The medieval paintings and inscriptions over stone, ceramics, plaster, bones, metal, etc. are called graphites due to the specific performance technique- images are scribbled over the soft limestone with a sharp object (a knife, a chisel, an awl, etc.). Graphites were found in many objects in Preslav which date back to the town’s capital period: the Rotunda, the complex in the Under the Zabuite site, the civil complexes in Selishte site, the commercial rooms etc. The graphites are laid on the inner surface of the fortress wall mostly on the second, third and fourth row of the construction, 2.00 m. high. They were found during the research of Prof.Dimitar Ovcharov in 1971. They became part of the fortress wall’s extension on the north. They cover an area of 150 m.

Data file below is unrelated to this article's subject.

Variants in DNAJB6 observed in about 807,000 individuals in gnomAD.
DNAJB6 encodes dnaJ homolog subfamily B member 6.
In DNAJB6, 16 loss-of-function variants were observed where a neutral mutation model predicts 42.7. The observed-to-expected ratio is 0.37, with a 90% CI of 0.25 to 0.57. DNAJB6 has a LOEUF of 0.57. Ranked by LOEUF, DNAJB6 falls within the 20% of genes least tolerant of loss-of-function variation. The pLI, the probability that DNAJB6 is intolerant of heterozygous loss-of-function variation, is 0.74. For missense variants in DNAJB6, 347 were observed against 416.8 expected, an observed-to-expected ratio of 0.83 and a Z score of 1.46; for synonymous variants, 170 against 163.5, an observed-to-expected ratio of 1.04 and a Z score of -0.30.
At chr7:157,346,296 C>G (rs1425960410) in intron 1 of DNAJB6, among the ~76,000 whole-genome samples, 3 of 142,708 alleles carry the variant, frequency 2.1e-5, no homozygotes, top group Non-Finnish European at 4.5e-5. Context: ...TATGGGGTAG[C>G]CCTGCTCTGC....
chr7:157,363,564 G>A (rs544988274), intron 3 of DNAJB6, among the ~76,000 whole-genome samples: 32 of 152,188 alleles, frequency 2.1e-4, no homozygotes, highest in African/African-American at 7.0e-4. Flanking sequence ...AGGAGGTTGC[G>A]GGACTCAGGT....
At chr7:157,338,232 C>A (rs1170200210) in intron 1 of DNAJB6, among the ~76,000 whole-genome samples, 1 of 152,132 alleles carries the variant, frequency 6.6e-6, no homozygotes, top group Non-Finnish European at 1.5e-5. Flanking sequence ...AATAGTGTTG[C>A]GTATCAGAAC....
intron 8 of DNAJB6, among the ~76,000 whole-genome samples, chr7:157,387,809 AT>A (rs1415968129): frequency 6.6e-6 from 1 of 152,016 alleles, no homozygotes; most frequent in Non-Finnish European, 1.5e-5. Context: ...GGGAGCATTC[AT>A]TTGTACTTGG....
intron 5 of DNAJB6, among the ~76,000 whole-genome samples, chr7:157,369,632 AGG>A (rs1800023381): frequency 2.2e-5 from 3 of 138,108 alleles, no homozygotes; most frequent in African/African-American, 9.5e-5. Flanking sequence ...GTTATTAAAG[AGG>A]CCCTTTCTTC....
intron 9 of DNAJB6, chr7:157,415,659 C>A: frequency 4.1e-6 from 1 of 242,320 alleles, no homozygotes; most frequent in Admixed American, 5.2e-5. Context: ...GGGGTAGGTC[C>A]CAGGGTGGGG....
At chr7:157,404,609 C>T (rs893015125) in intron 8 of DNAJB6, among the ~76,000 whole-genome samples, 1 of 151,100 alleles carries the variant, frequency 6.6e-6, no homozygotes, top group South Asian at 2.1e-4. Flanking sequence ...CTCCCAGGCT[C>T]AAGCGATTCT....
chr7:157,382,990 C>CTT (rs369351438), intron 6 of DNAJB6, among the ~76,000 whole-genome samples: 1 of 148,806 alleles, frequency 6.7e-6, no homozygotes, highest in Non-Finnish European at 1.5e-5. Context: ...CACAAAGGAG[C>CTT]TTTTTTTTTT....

They date back generally from the end of the 9th century to the beginning of the 10th century- the period of construction of this part of the building till the town’s falling under Byzantine rule in 971. Depending on the subject covered Prof.Ovcharov divides the paintings in four main groups: images of animals, images of people, symbolic signs and pictures and figured compositions. The latter are united in several groups: military, hunting, erotic and ritual scenes.

Probably they were made by the soldiers who guarded the old capital. The witch- doctor cult was widespread. The anthropomorphous image of a witch doctor and an animal figure can be seen in the most well preserved section of the fortress wall. There is an erotic feeling even in the military and hunting scenes full of bulls, deers, eagles and horses. There are many crosses in the symbols showing that signs also have a religious and magical meaning. The inscription ‘Yan the sinful wrote in prison standing’ makes historians think there were also prisons for the guilty soldiers around the fortress wall.